Everyone is raving about the new breed of “large sensor” video cameras most popular of which is the Sony PMW-F3 and it’s super 35 size chip. Shortly after Sony dropped news of it’s new intermediate camera they announced the specs for a set of three budget lenses that could be paired with the camera. The set of three lenses retails for about $5,000 (I think) which makes each lens a little over $1,500. That’s cheap! That’s pretty much the same price as a still photography lens. I waited for Sony to release actual production lenses rather than request press models that could have been tweaked for optimal performance.
I came across a couple sets after a few months and had a chance to bench test them optically and get an idea of the general feel of the lenses. The first thing that caught my attention was the size of the lenses. Each lens is a little over five inches in diameter so I figured it would weigh a decent amount, but I was wrong. They’re actually not very heavy at all. Probably because they’re PLASTIC! Every external piece of the lens other than the mount is made of plastic.
Okay fine, maybe it’s the new, cheaper, modern way to make lenses and pass the savings onto the consumer, I’m down. But then I took one apart for funsies and realized Sony didn’t put any effort into these lenses at all. While I was taking the lens apart I came across so many things that rubbed me the wrong way like the plastic all over the place, the screws didn’t line up with their holes and were stripped before I even touched them. Not a big deal, I’ll just use a bit of acetone to dissolve the glue around the head. Nope! The plastic housing is not chemical resistant and acetone will simply melt the plastic and bond the screw even more. That’s okay, I have other methods for removing stuck screws, like heating them up to melt the glue. No, again! A single hit from my torch would turn the plastic housing of the lens into a blob of resin.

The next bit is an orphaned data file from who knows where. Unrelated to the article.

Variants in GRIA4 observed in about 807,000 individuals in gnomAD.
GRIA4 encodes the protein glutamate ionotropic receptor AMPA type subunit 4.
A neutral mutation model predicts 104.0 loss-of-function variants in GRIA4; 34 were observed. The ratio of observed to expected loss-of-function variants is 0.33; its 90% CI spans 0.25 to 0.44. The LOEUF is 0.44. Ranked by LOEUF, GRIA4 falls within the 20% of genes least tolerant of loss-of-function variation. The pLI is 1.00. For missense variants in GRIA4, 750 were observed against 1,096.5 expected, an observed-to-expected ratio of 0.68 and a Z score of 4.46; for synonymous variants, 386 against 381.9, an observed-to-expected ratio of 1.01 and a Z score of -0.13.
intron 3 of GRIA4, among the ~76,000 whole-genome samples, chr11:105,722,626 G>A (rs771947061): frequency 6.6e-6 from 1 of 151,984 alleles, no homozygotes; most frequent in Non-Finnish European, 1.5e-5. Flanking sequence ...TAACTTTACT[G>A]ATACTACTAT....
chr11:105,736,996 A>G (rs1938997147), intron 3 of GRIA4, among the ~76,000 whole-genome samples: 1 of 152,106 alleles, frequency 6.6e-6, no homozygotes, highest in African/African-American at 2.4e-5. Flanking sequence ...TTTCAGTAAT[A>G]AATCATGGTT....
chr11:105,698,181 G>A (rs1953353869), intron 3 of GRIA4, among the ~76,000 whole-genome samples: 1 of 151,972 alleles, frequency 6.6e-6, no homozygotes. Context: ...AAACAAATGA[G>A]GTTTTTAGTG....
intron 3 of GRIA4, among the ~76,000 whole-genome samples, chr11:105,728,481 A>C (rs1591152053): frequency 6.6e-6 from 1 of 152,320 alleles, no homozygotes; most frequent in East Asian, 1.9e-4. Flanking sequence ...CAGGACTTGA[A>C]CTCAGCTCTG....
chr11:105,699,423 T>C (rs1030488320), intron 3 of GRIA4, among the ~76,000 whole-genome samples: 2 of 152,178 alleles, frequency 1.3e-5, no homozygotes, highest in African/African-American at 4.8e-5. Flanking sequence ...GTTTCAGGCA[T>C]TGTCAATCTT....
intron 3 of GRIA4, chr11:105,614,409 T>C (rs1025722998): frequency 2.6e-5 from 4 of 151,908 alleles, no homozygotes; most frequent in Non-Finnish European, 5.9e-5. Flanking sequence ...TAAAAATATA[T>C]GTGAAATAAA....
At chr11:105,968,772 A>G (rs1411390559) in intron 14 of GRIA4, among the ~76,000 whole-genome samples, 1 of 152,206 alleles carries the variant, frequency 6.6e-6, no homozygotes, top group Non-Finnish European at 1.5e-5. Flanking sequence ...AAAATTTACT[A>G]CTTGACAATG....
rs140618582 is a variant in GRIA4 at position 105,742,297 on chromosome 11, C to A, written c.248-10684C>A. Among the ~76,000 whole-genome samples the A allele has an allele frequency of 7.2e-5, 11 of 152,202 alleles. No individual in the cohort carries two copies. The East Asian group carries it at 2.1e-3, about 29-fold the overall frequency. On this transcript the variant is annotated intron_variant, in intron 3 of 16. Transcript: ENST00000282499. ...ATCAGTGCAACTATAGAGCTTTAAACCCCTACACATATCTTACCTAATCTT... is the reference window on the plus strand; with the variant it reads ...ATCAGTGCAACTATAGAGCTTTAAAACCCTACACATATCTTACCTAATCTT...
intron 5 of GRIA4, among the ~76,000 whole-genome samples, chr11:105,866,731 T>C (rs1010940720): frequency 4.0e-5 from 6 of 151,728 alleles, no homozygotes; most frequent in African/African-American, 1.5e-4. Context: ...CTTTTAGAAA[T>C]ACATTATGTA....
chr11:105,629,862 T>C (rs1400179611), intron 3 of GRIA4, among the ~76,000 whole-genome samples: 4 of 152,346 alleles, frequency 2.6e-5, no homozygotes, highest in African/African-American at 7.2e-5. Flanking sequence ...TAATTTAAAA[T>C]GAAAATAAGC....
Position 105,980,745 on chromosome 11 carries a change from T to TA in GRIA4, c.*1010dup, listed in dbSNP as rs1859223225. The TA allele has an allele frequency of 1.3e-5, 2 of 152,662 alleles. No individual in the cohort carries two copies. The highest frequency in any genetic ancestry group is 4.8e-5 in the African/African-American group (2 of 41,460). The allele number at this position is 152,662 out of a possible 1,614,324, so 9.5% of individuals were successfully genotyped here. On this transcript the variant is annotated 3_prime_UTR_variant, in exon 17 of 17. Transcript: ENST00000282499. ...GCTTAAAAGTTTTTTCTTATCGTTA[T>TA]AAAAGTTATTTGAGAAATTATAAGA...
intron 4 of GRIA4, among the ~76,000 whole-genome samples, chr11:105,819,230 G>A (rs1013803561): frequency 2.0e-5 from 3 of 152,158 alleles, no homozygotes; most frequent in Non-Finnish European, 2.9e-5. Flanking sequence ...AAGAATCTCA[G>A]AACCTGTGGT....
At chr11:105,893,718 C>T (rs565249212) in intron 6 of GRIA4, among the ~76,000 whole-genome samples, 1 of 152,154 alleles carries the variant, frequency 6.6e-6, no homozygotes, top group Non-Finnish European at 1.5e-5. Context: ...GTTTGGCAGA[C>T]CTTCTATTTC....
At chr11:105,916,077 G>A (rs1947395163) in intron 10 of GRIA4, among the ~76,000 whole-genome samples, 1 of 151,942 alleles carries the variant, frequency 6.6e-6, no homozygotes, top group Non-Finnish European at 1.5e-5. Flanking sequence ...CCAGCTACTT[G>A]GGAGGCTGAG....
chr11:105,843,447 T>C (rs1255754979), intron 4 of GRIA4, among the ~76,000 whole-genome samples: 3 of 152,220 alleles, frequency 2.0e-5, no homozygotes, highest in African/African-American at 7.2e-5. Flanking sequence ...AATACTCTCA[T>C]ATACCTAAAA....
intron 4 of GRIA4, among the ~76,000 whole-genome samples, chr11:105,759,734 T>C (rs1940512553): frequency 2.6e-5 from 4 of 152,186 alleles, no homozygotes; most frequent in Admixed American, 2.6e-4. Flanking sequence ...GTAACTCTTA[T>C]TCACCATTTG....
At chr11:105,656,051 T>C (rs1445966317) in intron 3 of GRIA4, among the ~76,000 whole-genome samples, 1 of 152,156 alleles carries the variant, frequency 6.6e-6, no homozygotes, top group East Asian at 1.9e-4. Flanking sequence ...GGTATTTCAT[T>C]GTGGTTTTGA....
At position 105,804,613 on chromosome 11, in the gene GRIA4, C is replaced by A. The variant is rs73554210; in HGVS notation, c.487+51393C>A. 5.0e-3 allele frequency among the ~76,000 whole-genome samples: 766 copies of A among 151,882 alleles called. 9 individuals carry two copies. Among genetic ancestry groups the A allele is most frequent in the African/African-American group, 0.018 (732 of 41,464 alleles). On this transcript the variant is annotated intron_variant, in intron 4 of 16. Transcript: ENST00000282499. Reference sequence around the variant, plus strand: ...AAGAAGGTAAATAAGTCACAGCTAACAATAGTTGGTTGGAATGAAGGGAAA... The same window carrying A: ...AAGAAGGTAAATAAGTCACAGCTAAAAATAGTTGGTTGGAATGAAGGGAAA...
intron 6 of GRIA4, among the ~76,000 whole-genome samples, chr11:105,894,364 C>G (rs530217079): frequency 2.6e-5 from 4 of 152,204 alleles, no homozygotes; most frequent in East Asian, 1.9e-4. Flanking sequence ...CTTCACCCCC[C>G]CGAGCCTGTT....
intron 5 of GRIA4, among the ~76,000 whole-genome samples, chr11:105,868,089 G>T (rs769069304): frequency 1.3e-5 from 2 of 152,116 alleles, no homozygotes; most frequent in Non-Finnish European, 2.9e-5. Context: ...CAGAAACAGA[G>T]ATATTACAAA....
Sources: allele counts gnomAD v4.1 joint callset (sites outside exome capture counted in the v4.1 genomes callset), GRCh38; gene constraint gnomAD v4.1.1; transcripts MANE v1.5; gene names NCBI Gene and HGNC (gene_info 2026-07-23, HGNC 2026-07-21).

Granted most of these problems are from a service standpoint. There are certainly fewer user issues than service issues, like the lack of critical focus marks and witness marks on each distance instead of just a number. Obviously this makes pulling focus difficult (or easy depending on how much you care about accuracy). As a user, you had better keep these lenses out of the dust and don’t even think about shooting at the beach. The housings are highly susceptible to contamination (dust, dirt) leaving the focus and iris rotation gritty and uneven. And that gets me back to the service woes… In order to clean and lube a lens like this, the cost would be a little over half the value of the lens. That’s just not reasonable. I’m sure if you sent this back to Sony for service, they would send you a whole new lens and chuck the old one, common practice for consumer product service. Stick to TV’s and camcorders, Sony. You do great work there.
I didn’t really go over the optics at all in my original post. But now that I’ve had a chance, I bench tested the lenses and they did perform decently. The optics are certainly not bad by any means. I would compare them to Zeiss Super Speeds. There is little to no light falloff at the edges and resolution is even from corner to corner. Breathing is present but minimal. To compare the Sony primes to existing primes would be difficult. Optically, I would say they fall between Ultra Primes and Super Speeds. These lenses will certainly get the job done. I may have been a bit harsh before… Nah.
Sony is just starting to roll out their anticipated F3 camera. A Super 35 sized sensor in a mall, lightweight package. I try to stick to knowing a lot about lenses so you can hear more about the camera from Jason Wingrove’s real world take. But I will tell you all about your lens options when shooting with an F3. I’ll start with the most logical…